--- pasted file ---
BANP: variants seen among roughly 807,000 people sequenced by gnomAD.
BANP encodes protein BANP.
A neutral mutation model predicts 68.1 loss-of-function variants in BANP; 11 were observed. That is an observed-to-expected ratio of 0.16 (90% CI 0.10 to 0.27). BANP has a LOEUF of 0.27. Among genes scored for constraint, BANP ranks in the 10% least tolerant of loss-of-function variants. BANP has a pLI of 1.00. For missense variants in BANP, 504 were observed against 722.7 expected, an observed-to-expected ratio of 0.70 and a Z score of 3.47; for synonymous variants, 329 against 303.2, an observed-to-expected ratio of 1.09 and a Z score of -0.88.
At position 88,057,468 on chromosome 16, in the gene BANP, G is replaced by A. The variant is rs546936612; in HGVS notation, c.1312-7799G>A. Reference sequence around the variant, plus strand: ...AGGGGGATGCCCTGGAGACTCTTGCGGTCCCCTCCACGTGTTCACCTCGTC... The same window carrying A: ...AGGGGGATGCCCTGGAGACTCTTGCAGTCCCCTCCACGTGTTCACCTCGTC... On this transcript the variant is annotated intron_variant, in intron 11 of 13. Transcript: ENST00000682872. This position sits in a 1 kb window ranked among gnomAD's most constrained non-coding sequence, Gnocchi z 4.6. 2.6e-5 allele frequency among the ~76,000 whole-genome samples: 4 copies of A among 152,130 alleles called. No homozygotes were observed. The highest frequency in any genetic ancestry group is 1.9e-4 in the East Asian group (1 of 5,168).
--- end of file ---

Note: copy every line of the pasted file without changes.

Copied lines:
BANP: variants seen among roughly 807,000 people sequenced by gnomAD.
BANP encodes protein BANP.
A neutral mutation model predicts 68.1 loss-of-function variants in BANP; 11 were observed. That is an observed-to-expected ratio of 0.16 (90% CI 0.10 to 0.27). BANP has a LOEUF of 0.27. Among genes scored for constraint, BANP ranks in the 10% least tolerant of loss-of-function variants. BANP has a pLI of 1.00. For missense variants in BANP, 504 were observed against 722.7 expected, an observed-to-expected ratio of 0.70 and a Z score of 3.47; for synonymous variants, 329 against 303.2, an observed-to-expected ratio of 1.09 and a Z score of -0.88.
At position 88,057,468 on chromosome 16, in the gene BANP, G is replaced by A. The variant is rs546936612; in HGVS notation, c.1312-7799G>A. Reference sequence around the variant, plus strand: ...AGGGGGATGCCCTGGAGACTCTTGCGGTCCCCTCCACGTGTTCACCTCGTC... The same window carrying A: ...AGGGGGATGCCCTGGAGACTCTTGCAGTCCCCTCCACGTGTTCACCTCGTC... On this transcript the variant is annotated intron_variant, in intron 11 of 13. Transcript: ENST00000682872. This position sits in a 1 kb window ranked among gnomAD's most constrained non-coding sequence, Gnocchi z 4.6. 2.6e-5 allele frequency among the ~76,000 whole-genome samples: 4 copies of A among 152,130 alleles called. No homozygotes were observed. The highest frequency in any genetic ancestry group is 1.9e-4 in the East Asian group (1 of 5,168).